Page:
North American Indians

Book review by
Wesley Sharpe, Common Sense Media
North American Indians Book Poster Image
Book lends itself to child-parent discussions.

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A lot or a little?

The parents' guide to what's in this book.

Violence & Scariness
Language

What parents need to know

Parents need to know that, despite unexceptional writing, kids will pore over the colorful illustrations of everyday Native American life. The book lends itself to child-parent discussions, though it lacks a pronunciation guide.

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What's the story?

The media have led many American children to think of Native Americans as a single group. But in this honest portrayal of life in North America at the time of the first European colonization of the continent, the illustrations and text combine to help children understand that each tribe, with its own language, customs, and habits, was a separate culture.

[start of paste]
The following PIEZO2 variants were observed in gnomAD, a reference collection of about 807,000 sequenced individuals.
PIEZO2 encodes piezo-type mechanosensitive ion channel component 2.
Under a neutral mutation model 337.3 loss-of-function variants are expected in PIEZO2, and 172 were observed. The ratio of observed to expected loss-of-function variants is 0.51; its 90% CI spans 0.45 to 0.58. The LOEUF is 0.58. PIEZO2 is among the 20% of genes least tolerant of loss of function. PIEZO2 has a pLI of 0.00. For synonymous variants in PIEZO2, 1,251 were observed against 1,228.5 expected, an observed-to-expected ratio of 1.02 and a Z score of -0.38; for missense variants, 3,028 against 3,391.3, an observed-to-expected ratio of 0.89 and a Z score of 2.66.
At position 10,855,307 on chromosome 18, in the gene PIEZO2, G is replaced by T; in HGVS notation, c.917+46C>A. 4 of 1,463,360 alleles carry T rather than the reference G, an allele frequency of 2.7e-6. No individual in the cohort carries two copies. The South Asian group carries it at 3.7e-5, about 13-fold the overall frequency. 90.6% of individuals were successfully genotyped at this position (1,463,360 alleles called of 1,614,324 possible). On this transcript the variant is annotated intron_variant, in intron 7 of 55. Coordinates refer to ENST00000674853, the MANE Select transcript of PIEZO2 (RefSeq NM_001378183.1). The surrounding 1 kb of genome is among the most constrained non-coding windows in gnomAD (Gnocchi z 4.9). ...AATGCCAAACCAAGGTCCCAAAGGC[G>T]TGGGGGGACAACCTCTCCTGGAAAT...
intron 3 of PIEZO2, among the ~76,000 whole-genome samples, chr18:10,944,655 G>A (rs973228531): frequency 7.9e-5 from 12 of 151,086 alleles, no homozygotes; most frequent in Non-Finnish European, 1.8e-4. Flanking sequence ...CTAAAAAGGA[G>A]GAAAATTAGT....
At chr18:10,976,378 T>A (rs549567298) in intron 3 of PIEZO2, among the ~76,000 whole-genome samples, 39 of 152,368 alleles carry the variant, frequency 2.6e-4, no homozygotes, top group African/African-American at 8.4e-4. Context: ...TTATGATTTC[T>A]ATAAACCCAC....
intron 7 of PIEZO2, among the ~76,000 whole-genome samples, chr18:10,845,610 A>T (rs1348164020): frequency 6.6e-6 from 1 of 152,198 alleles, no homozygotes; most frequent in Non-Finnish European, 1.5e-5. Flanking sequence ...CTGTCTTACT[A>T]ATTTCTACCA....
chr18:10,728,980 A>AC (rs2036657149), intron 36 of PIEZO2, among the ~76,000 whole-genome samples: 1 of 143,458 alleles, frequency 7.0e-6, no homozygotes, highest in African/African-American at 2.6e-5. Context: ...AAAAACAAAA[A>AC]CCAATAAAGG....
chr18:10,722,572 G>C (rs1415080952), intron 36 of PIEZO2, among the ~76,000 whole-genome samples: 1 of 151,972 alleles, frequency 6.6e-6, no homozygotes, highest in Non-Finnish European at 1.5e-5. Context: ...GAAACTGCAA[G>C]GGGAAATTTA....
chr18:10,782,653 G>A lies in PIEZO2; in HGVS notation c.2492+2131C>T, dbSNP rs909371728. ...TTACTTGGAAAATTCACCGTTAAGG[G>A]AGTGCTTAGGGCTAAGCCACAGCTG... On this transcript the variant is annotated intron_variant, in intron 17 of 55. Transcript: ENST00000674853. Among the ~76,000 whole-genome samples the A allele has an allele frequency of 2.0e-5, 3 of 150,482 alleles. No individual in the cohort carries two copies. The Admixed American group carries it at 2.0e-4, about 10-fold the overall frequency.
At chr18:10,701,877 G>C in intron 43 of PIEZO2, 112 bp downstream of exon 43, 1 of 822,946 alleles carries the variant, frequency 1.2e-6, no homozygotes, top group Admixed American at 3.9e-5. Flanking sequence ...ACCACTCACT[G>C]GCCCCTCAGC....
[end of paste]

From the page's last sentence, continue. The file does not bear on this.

Is it any good?

The Gorslines' narrative and illustrations make this a favorite of many children. Kids learn from the pictures and text that Native Americans usually were peace-loving and friendly, and that the lifestyles of different tribes were often vastly different. Primary school children may find the vocabulary too difficult to read, and even older kids may be challenged. Also, the book lacks a pronunciation guide for Native American names, making it difficult to know how to pronounce some words correctly.

But children will enjoy browsing or listening to this as a read-aloud. They probably will enjoy studying and trying Native American sign language, which was used to enable communication among tribes from different regions.

Talk to your kids about ...

  • Families can talk about how Native Americans have been treated by the U.S. government throughout history, and note that the book was written before the term "Native American" became more commonly used/accepted than those like "Indian" and "American Indian." Talk about the different terms -- where did they come from? Why is it best to identify specific tribes when possible?

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